Bryant, 21, replaced the injured Howard as Washington’s starting center. The Wizards acquired Portis, 24, on Feb. 6 in a multi-player trade that sent Otto Porter to the Chicago Bulls. Bryant and Portis, both restricted free agents this summer, represent Washington’s best interior options now and perhaps key building blocks going forward.

“You get better in this league by being around good veteran players that want to share their knowledge,” Brooks said, “and Dwight is going to be a guy that’s going to be able to do that for the next how many weeks until he gets on the court.”

Basic movements – sitting, for example – were issues for Howard pre-surgery. Brooks said he was not sure how much running Howard would do this week. He will start on the court solo. Eventually, a coach or three will work with Howard for 5-on-0 drills. Full contact practice with teammates comes later.

Howard was seen shooting free throws after practice concluded. Injured players are not required to speak with the media until participating during an official practice.

For now, the coach took pleasure in welcoming the projected opening game starter back to town.

“It was good to see him, good to have him back,” Brooks said. “He did some treatments and then did some work on the court, light shooting. That’s about it. It’s good to have him back. He has a good way about him. He’s always positive, always has a good spirit about him.”

Integrating the low-post presence into the small-ball approach Brooks leaned with Howard sidelined becomes a curious topic. That’s for later, perhaps weeks away, as the coach suggested. The playoff-pushing Wizards must forge on without Howard, who has played in only nine games this season.

Washington (24-34), 11th in the Eastern Conference and three games back of Detroit for the eighth and final playoff spot, has 24 games remaining in the regular season.

Howard will stay behind when the team opens the post-All-Star-break phase Friday at Charlotte, but likely travels with the team going forward, Brooks said.

“He’s happy to be back,” Brooks said of Howard. “Now it’s just a phase of getting him on the court. I don’t know how long that’s going to be.”

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Scott Brooks on Zion's shoe explosion: 'I've seen it many times'

Scott Brooks on Zion's shoe explosion: 'I've seen it many times'

When Zion Williamson's shoe exploded in the Duke-North Carolina game on Wednesday night, the video quickly caught fire on Twitter, spreading far and wide as fans all over reacted to something most had never seen before. Shoe technology has reached a point where someone basically running through their seams is almost unheard of.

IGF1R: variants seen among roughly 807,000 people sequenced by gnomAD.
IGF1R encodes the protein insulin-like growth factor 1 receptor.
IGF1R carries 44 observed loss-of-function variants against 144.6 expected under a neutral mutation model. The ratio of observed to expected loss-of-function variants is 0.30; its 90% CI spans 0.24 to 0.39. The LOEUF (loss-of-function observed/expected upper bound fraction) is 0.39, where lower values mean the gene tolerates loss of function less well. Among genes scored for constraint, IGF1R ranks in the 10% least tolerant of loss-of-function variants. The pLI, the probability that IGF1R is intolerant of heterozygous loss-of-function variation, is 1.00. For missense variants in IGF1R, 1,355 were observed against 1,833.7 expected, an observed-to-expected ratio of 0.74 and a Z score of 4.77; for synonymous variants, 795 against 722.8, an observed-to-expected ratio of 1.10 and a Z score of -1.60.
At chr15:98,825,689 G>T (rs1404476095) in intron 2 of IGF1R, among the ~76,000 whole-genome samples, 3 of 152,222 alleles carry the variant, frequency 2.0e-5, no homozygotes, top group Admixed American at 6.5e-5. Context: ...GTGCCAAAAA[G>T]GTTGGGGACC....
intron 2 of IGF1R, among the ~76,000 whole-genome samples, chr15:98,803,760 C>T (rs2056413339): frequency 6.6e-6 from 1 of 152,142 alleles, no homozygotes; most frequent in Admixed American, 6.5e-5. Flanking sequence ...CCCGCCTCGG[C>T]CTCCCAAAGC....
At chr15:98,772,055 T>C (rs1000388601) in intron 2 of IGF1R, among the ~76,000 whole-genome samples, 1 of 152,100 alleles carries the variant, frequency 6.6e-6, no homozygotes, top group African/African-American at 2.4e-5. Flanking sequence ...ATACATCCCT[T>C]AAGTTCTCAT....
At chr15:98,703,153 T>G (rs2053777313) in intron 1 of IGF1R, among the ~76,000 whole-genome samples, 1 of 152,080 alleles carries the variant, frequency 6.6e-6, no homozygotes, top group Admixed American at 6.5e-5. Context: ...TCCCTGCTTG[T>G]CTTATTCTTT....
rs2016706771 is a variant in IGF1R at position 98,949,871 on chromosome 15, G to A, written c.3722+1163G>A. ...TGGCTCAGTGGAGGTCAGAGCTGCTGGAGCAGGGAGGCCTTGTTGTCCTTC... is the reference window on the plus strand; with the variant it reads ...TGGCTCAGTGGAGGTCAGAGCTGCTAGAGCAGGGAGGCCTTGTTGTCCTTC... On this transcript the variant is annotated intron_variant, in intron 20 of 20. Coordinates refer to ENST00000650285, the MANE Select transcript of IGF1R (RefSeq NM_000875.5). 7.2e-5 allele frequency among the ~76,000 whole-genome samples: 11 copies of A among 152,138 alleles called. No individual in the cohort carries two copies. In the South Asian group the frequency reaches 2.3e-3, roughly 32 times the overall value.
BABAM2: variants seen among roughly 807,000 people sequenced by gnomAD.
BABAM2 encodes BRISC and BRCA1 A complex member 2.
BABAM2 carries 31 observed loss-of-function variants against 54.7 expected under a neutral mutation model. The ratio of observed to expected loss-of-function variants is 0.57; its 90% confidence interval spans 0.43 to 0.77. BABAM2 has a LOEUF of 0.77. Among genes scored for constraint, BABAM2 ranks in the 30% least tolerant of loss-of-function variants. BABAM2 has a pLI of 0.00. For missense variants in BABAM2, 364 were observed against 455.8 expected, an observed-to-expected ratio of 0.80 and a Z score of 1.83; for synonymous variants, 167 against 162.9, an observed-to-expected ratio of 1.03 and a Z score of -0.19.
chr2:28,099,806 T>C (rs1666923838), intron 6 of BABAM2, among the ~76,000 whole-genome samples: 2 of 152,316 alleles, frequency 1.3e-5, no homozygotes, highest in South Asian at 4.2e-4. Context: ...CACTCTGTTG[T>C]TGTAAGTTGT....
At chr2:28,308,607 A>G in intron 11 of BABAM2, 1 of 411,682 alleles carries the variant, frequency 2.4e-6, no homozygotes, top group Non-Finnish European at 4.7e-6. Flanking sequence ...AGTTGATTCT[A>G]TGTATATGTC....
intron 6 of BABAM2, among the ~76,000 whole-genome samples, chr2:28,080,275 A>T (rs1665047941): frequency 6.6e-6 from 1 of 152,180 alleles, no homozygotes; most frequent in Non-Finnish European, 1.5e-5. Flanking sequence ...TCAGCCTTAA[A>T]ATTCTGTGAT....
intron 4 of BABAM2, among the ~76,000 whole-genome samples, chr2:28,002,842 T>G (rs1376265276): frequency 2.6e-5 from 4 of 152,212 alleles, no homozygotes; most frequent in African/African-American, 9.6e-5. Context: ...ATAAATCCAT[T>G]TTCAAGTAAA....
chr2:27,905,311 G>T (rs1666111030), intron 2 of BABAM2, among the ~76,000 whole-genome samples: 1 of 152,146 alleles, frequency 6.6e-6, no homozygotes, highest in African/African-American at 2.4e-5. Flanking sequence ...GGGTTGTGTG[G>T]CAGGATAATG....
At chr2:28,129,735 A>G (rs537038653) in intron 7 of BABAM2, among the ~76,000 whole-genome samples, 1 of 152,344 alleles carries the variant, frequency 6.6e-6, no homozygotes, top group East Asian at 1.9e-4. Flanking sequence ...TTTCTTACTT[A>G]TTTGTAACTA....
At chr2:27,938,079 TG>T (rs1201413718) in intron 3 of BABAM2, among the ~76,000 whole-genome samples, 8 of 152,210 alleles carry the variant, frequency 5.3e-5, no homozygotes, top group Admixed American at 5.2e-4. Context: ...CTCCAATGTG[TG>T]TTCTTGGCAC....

That is, unless you are a professional athlete or around them all the time. Wizards head coach Scott Brooks and forward Jabari Parker each said it's not as uncommon as those reacting on social media may have believed.

"There's a lot of powerful athletes and I've seen it many times throughout my career," said Brooks, who was a 10-year NBA veteran player before joining the coaching ranks.

Parker, 23 and in his fourth NBA season, has both seen it and experienced it.

"It happened to me in practice, but the shoes that I had were much older," Parker said. "It's usually like older shoes. But yeah, that's a first for a new shoe."

Williamson is a star freshman at Duke, not unlike Parker once was. He went second overall in the 2014 NBA Draft after one year with the Blue Devils. Parker was in a similar position, playing out one season in the college ranks before jumping to the pros, as most expect Williamson to do.

That one year in college can carry some risk. Fortunately, Williamson appears to have avoided serious injury. But the now-infamous play certainly reminded everyone that one split-second can change everything, especially for an athlete with millions of dollars and what his hopefully a long NBA career in his future.

Parker has twice torn his ACL, so he is no stranger to serious knee injuries. He could tell right away that Williamson wasn't seriously hurt.

"Just looking at it, I didn't think it was that bad. His body really stayed in line, he didn't really go outside of himself. He just slipped," Parker said.

And after processing it all, Parker wasn't all that surprised Williamson would break through a shoe. Parker has done it and so have others he has played with. And though he's around explosive athletes all the time, Williamson is on a different level.

"He's like a Bo Jackson-like athlete. He'll break through his gear, that's how powerful he is," Parker said. "You've gotta remember that. It's not a matter of his body being weak in spots, it's about the product that he's using around him."